What is Sebaceous Carcinoma?

Sebaceous carcinoma (SC) is a rare type of skin cancer. It only develops on skin that has sebaceous glands. These glands, which help keep our skin moist, are found throughout the body. They are most plentiful around the eyes.

About 75% of SCs develop on an eyelid. The face and neck also contain many sebaceous glands, and this is where most other SCs develop. SC also can develop on the torso, leg, arm, inside the mouth, in the ear, on the genitals, and even on top of the big toe.

What Causes Sebaceous Carcinoma?
Scientists believe that the sun plays a key role in causing SC. Having a weak immune system or receiving radiation treatments for a medical condition also seems to increase the risk of developing SC.

Who Gets Sebaceous Carcinoma?
Anyone can develop SC, but some people have a greater risk:

  • Middle age or older. It is very rare for SC to develop before 30 years of age. Most people are 60 years of age or older, and the risk continues to increase with age.

  • Weakened immune system. People who have a weakened immune system have a much greater risk. A weakened immune system may be caused by a medical condition or medication. Medical conditions that weaken the immune system include human immunodeficiency virus (HIV) and cancer. Medication taken after transplant surgery to prevent the body from rejecting the new organ and some medications used to treat psoriasis or arthritis also weaken the immune system.

  • Received radiation treatments for a medical condition. People who received radiation treatments as a child have been diagnosed with this rare skin cancer in their 60s and 70s. SC also develops in children who receive radiation treatments for retinoblastoma, a cancer that develops in the eye.

  • Muir-Torre syndrome (MTS). This is a rare medical condition. People get MTS from the genes that they inherit from their parents. MTS greatly increases the risk for developing several cancers. The risk is greatest for a type of colon cancer. Other cancers that a person with MTS has an increased risk of developing are SC, cancers of the uterus, stomach, ovaries, intestine, urinary tract, liver, and bile duct.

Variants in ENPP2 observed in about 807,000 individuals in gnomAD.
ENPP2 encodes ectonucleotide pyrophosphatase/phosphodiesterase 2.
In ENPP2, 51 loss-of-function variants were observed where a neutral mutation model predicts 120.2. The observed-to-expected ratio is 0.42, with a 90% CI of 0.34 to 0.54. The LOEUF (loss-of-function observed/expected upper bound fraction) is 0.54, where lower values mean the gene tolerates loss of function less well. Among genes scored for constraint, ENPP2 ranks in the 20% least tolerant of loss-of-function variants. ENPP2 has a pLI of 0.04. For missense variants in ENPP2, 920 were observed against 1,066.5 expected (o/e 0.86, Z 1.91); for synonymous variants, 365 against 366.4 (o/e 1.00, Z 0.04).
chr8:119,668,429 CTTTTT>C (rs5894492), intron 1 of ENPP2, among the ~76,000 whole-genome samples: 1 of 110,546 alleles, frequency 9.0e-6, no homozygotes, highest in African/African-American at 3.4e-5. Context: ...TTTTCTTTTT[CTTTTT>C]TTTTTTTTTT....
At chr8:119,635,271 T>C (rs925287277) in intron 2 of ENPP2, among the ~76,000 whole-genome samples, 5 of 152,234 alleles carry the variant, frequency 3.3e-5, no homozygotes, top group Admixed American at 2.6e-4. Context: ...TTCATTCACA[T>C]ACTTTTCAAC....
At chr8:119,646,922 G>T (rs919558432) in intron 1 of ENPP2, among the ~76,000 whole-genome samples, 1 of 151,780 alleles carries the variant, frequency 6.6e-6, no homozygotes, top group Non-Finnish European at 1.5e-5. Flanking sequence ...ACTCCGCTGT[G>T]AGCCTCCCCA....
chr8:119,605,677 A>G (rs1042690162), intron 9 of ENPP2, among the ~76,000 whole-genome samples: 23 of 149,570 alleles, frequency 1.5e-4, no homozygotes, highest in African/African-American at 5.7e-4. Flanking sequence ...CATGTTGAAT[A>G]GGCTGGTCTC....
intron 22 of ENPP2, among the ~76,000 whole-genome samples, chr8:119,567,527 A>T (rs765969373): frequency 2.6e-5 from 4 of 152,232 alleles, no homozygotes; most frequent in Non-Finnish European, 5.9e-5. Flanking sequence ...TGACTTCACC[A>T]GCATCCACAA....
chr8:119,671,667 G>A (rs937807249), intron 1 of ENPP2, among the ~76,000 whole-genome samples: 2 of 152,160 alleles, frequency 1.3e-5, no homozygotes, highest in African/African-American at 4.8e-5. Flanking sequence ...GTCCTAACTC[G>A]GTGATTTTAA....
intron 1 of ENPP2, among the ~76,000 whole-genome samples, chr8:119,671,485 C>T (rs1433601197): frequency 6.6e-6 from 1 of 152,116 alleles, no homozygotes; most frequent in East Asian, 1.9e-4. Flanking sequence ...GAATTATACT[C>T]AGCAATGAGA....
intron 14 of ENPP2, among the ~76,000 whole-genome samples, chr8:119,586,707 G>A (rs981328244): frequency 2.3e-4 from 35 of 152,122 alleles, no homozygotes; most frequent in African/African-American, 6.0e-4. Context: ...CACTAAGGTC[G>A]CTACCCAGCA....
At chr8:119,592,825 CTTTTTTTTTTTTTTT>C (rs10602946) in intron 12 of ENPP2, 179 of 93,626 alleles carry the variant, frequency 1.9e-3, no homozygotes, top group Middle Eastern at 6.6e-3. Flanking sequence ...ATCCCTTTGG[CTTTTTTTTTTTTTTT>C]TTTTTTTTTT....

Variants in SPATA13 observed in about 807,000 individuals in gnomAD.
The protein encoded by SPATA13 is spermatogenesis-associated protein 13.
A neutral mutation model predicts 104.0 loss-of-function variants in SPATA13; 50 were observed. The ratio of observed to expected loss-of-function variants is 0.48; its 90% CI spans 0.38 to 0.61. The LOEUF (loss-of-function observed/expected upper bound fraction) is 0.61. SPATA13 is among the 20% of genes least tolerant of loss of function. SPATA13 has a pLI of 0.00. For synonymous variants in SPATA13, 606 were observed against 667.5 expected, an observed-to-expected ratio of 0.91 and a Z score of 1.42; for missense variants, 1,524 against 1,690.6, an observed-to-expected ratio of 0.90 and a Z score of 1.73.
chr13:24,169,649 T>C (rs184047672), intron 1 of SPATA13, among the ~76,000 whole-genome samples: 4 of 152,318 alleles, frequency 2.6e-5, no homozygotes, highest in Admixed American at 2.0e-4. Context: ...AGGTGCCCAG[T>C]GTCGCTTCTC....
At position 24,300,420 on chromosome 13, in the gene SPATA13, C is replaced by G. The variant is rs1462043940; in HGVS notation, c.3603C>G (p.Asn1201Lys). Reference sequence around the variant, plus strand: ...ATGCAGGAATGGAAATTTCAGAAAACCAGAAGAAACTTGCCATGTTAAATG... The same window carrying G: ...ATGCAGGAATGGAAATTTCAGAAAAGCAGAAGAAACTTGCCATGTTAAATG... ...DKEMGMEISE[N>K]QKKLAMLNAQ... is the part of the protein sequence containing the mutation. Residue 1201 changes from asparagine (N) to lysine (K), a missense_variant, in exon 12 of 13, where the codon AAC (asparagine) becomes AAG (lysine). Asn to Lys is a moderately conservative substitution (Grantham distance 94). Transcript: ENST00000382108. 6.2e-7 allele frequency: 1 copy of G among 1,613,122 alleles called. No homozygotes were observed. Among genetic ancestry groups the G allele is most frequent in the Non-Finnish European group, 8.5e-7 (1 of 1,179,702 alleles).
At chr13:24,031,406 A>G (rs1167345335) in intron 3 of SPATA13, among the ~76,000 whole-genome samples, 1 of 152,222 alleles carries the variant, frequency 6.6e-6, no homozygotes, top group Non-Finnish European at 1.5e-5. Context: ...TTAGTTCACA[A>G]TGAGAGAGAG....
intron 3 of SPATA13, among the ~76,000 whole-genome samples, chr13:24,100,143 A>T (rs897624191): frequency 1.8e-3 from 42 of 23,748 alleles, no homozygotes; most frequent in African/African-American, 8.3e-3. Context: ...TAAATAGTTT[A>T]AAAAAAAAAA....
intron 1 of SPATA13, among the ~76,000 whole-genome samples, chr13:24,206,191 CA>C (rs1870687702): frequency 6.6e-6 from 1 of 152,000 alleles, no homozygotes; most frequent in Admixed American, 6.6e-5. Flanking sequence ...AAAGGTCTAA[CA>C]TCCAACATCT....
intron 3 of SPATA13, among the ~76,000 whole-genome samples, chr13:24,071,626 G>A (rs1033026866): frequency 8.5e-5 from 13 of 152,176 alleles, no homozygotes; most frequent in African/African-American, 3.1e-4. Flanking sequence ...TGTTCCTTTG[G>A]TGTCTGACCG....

SC is often the first sign that a person has MTS.

Signs and Symptoms of Sebaceous Carcinoma
SC often appears as a small, slowly growing, firm, deep-seated mass on the upper eyelid. SC is 2 to 3 times more common on the upper eyelid than on the lower eyelid. It tends to look like a sty and to be painless.

As the cancer progresses, the affected eye may look like a person has a case of pink eye. Left untreated, SC can cause the affected eyelid to turn inward or outward. The eyelashes may fall out, and the person’s eyesight may become distorted.

When SC develops elsewhere on the body, the skin cancer looks like a slowly growing mass that is pink to reddish yellow in color. The mass may bleed.

How is SC Diagnosed?
When a dermatologist suspects skin cancer, the dermatologist performs a biopsy. This procedure can be safely performed during an office visit. To perform a biopsy, the dermatologist will remove the suspicious lesion, or part of it, so that it can be examined under a microscope. This is the only way to know whether a patient has skin cancer.

If the biopsy confirms that the patient has SC, the dermatologist may also:

  • Perform a full-body skin examination to check for other skin cancers and check the patient’s lymph nodes for swelling.